Winning for victory
'Good morning. Since last night, reports have been flooding from concerned bystanders regarding comics creators up and down the country acting differently. Behavioural experts are unable to explain the phenomenon, but say the changes can all be attributed to acute feelings of pride. We go live now to Hannah, who is in a comic shop. Hannah:'
'Thank you, Hannah. I'm standing here in Dave's Comics in Brighton, and the differences, as you can see, are dramatic. All around me, fans and creators of comics and graphic novels can be seen to be visibly walking taller. I was talking to a lady earlier who had a distinct fire in her eyes and when I asked her what she did, she immediately told me she was a small-press comics creator, completely without awkwardness or hesitation. When I asked her for an interview to camera she declined, saying: "I have to get back - I'm working on my first web-comic." It was at this point that--'
'Hannah, can I just interrupt you, there? We've received news… we've received news of the possible reason for these changes. Last night, the Costa Book Awards 2012 shortlists were announced, with two of those named being graphic novels: Dotter of Her Father's Eyes by Bryan and Mary Talbot, and Days of the Bagnold Summer by Joff Winterhart. This unprecedented announcement marks the first time a graphic novel has ever been included in the awards, and the first time in 11 years that one has been recognised in a national award.'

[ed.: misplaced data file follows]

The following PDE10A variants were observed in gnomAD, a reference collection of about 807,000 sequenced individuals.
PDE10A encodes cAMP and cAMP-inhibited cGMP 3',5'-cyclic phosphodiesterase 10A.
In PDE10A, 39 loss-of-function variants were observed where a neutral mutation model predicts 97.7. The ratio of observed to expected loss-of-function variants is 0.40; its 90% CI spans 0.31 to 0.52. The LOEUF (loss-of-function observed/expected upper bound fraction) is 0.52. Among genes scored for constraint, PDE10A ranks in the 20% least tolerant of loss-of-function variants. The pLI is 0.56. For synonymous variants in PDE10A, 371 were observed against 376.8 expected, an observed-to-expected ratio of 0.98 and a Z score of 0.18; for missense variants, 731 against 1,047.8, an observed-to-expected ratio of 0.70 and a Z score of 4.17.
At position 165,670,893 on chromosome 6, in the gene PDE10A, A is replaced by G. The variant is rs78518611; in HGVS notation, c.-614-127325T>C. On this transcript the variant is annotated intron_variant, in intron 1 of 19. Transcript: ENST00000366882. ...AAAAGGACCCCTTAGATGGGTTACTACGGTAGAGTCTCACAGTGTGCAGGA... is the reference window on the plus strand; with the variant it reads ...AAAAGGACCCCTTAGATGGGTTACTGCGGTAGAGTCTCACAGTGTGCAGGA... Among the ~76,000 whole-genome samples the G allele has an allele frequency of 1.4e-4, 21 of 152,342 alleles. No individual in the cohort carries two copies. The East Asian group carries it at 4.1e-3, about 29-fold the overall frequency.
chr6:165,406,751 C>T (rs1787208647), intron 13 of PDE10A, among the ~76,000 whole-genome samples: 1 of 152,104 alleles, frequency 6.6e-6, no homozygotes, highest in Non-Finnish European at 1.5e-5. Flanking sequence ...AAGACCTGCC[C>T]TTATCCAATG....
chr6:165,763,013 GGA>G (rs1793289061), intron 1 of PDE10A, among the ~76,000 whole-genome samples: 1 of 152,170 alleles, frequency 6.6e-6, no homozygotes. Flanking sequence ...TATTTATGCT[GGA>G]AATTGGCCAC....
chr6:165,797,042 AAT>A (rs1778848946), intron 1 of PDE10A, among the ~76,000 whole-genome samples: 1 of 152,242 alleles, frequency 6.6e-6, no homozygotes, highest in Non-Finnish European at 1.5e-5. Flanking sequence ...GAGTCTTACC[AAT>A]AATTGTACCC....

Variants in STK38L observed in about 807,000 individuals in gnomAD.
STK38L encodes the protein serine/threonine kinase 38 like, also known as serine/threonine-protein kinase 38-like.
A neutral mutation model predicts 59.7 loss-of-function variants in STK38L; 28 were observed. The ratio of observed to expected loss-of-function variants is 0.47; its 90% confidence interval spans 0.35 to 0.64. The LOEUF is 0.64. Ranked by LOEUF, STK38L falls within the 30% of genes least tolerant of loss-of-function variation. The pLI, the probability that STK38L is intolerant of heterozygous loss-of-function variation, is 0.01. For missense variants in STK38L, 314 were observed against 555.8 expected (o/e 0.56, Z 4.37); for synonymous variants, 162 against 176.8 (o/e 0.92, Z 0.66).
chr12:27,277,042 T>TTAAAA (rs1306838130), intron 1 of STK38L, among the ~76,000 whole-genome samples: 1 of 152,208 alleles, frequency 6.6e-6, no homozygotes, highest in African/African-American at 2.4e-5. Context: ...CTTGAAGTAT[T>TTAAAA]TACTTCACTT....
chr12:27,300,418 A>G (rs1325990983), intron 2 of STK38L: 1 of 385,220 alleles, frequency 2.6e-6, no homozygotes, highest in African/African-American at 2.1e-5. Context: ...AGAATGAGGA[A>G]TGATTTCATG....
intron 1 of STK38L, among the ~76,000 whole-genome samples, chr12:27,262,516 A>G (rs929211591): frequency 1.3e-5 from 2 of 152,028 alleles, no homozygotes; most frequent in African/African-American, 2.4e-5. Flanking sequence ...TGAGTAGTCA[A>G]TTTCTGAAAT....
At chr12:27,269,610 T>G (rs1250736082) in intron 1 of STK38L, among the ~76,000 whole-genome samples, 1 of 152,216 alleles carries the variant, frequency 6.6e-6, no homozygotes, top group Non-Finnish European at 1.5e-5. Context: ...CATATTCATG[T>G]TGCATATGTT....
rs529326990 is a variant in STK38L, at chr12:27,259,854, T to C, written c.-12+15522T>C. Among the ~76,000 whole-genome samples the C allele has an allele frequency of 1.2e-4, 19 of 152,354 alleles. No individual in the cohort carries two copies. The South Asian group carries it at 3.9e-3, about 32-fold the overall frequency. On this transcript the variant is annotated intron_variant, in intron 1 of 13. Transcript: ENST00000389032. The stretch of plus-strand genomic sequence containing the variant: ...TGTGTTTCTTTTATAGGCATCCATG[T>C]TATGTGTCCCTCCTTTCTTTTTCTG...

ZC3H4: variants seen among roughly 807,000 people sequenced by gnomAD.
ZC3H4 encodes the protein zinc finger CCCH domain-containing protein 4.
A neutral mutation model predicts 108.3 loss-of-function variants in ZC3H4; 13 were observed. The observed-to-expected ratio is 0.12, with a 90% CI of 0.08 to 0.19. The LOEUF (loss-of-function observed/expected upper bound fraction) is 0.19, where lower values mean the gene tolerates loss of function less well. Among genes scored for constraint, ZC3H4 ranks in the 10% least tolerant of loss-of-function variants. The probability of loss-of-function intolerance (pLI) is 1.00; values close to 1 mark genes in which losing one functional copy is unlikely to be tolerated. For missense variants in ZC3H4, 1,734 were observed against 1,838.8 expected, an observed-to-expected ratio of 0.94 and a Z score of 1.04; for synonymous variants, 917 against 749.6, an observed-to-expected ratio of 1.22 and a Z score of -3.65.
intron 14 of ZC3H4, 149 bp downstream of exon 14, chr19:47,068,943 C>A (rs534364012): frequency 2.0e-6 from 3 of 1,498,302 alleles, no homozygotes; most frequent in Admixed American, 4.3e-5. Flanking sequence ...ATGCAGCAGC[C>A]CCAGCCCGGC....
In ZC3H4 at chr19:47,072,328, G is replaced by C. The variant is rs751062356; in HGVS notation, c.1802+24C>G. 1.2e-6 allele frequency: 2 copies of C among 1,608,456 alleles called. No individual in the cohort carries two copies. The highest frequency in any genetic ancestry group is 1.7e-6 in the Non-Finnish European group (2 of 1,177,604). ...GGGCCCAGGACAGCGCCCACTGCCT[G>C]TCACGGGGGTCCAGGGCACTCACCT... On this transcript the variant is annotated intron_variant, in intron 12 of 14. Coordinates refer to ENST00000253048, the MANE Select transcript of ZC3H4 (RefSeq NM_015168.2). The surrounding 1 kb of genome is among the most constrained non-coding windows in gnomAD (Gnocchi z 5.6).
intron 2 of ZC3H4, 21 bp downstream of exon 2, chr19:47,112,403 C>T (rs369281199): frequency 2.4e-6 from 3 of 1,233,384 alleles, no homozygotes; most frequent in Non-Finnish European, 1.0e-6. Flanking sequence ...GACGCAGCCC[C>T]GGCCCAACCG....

'We have now in the studio Hannah, who is herself a graphic novelist. Can you tell me, Hannah, how you felt when you heard the news?'
'Amazed. It was absolutely amazing. There'd been these rumours all over Twitter that there were comics on the shortlist, so a lot of us were tuned in to Front Row yesterday to hear the news. Personally, I'm just so chuffed! Joff, Bryan and Mary are all friends of mine, they all deserve recognition for their brilliant work and I'm very happy for them! In a wider sense, though, it has such a massive impact. It means that comics are finally getting the critical acclaim that they deserve. It feels like we've been tolerated for years, but to reach this stage…it's overwhelming. It's like the glass ceiling that we've been scraping against for so long has been removed and we can soar as high as our individual talents will take us. It's acceptance…finally…'
'And do you have any reservations on what this might mean for the literary world? … Hannah?'
'What? Yeah, no. Sorry. I've got to go. I need to get cracking on my next graphic novel-'
'We're live on air-'
'Well…that was…Hannah. Galvanising news, obviously. Of course, the bigger test will be the critical and public response to the shortlist. Viewers may recall that infamous edition of Newsnight Review in 2001 following the announcement that Jimmy Corrigan by Chris Ware was the winner of the Guardian First Book Award, in which the reviewers admitted they hadn't read it before Tom Paulin dismissed the multi-award winning book as being "revolting to look at". Though widely decried as narrow-minded intellectual snobbery at the time, comics and graphic novels have been notably absent from national awards until now.'
'It is thought that this news will open the doors to graphic novels and comics being entered into further awards and a greater emphasis on their role in the literary world. Within the industry itself, this year also marks the first ever British Comic Awards, set up to celebrate the finest examples of British talent. Can it be that now, finally, comics and graphic novels can achieve the critical recognition they have been waiting for? Time will tell.'
'In the meantime, experts advise viewer awareness of the wild elation of comics creators and suggest planning any long journeys accordingly.'
'Now, here's Hannah with the weather:'